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Machine Gun Preacher (2011)

November 18, 2012

 

written by: Jason Keller

produced by: Deborah Giarratana, Gary Safady, Robbie Brenner, Marc Forster, Bil O’ Kane & Craig Chapman

directed by: Marc Forster

rating : R (for violent content including disturbing images, language, some drug use and a scene of sexuality)

runtime: 127 min.

U.S. release date: September, 23, 2011

DVD/Blu-ray release date: June 5, 2012 (currently avail. on Netflix Watch Instantly)

 

The movie title certainly jumped off the page when I stumbled upon it, 2011’s “Machine Gun Preacher”. It sounded like a schlocky action, drive-in movie from the 1970s that Quentin Tarantino would have loved. But no, it’s actually a true story based on the life of Sam Childers, a drug-dealing biker turned obsessed missionary. The end result is a mixed bag, but there are certainly positives to take away.

Fresh out of jail, Sam Childers (Gerald Butler) returns to the exact things that put him in jail — drugs, robbery, assault — and quickly sees the error in his ways when he almost kills a man. Seeking help, some sort of redemption for all the bad he’s done, Sam joins a church with his wife, Lynn (Michelle Monaghan), and tries to turn over a new leaf. He starts over, building a construction company from the ground up, starting a church for individuals like himself, but most importantly, he hears about the atrocities being committed in the Sudan and Uganda. Sam wants to do something to help the children living daily on the brink of death, but walking into a revolution, nothing will be simple.

 

 

This is an interesting mix of a movie, for good and bad reasons. Based on Childers’ life, it has an authentic feel to it, and Butler does a fine job with the part (more on that later). But at the same time, it can’t quite figure out what to say or do. At 127 minutes, it’s both too short and too long. Focus on Sam’s home life with his wife and daughter (Madeline Carroll) is necessary to show Sam’s inner struggles and demons, but those scenes vary from dull to repetitive. Where the movie is at its strongest is when Sam travels to Sudan on multiple occasions to build an orphanage for children left on their own because of the revolution. It’s just too bad more focus couldn’t have been put there.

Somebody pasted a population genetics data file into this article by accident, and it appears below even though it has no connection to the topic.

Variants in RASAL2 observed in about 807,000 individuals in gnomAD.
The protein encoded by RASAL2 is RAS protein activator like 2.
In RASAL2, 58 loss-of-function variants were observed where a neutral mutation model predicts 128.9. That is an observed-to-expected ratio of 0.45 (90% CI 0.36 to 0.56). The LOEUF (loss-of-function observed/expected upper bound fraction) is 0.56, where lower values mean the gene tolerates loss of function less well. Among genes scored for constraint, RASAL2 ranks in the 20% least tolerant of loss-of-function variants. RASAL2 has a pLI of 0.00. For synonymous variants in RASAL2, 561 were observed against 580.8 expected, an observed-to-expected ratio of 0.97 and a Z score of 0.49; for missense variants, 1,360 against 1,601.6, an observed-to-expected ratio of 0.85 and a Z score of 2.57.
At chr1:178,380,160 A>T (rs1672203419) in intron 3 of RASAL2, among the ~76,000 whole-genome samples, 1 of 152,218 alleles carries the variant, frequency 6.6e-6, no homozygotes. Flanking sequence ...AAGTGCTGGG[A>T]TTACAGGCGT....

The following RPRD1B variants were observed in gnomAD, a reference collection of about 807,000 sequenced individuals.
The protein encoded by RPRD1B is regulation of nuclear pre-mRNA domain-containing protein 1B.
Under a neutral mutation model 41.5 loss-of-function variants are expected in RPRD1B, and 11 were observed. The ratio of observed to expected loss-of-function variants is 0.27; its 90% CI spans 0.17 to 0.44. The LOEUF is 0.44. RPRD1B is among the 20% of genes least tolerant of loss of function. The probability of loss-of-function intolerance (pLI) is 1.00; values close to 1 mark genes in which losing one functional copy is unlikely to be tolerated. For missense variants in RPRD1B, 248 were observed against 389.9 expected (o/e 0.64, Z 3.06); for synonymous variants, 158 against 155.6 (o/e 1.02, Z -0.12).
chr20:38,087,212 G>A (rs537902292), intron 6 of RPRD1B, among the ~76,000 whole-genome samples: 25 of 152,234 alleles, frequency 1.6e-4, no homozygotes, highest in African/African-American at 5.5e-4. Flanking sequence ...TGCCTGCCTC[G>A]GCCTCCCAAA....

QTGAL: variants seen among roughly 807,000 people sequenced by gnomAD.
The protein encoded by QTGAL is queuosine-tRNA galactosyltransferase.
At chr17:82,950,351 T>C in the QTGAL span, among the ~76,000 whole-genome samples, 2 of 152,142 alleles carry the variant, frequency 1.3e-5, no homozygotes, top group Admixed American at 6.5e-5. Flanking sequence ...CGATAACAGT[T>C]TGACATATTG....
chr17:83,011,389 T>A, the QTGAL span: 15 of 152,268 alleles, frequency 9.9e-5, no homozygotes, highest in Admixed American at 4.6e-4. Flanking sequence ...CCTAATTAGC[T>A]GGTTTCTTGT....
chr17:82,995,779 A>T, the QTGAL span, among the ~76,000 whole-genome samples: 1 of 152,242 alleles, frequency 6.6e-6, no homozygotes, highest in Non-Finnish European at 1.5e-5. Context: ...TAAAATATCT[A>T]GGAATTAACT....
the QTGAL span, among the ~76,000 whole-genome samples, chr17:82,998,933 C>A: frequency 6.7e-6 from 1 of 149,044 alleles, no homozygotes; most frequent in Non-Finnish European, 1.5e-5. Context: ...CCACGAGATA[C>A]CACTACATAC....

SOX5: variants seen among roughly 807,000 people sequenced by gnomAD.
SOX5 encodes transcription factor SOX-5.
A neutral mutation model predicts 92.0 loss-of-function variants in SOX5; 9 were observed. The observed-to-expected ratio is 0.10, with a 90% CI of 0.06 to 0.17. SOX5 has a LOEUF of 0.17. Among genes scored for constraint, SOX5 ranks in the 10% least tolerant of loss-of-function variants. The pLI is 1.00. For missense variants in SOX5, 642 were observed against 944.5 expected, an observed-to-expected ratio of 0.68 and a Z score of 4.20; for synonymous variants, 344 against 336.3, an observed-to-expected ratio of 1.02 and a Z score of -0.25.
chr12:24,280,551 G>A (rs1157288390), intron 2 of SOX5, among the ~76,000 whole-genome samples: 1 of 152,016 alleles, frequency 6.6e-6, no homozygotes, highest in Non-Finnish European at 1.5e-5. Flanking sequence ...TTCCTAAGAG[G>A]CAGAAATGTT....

When the focus is on the fighting between the LRA  and the freedom fighters, “Preacher” is moving along at its best. There are moments of emotional perfection and sheer horror as Sam sees the atrocities being committed. In a startling opening sequence, we see a LRA attack on a peaceful village, a boy, William (Junior Magale), forced to kill his mother because the LRA demands a death. As Sam sees these horrors, he comes completely undone when he sees a boy killed by a land mine. Later ventures have him making choices that will end in someone’s death, a decision that obviously weights heavy on his head. Butler’s scenes later with Magale’s William are about as perfect as you can. When the movie works, it really works.

 

 

Also a producer on the film, this was clearly an important role to Gerard Butler, and he does a great job portraying Sam Childers. At times since the success of 300, Butler seems to have trouble picking the right roles, but this is an ideally suited one for him. Early on, Sam is a despicable person — and an easy one to hate — but he needs that low point to help turn things around. Butler is a live wire here, emotionally charged, driven and frustrated that he can’t do more. All he wants is for others to see the brutal atrocities being committed and want to help, but even that’s too much sometimes. Saving the orphaned children becomes an obsession with him to the point he blocks out his family and friends. A very good performance from Butler. Monaghan is good as Lynn, Michael Shannon is underused as Sam’s similarly troubled friend, Donnie, with Souleymane Sy Savane a scene-stealer as Deng, a freedom fighter who comes to be Sam’s friend and partner in fighting.

Because I felt a little misled, I’m going to point this out. Hearing the title “Machine Gun Preacher”, I was expecting a slightly different movie. This is not an action blockbuster. While the action scenes are exciting and well-made, brutally efficient in their quickness, this is a personal story about Sam and what causes the violence. A lot of time – too much for me – is spent on the religious aspect, Sam’s missionary work at home, and at times heavy-handed messages about God and religion. It never goes too far (but it gets close at times) so be forewarned going in. A good movie that could have been better, but one that’s still worth a watch.

 

 

RATING: **1/2

 

 

 

 

 

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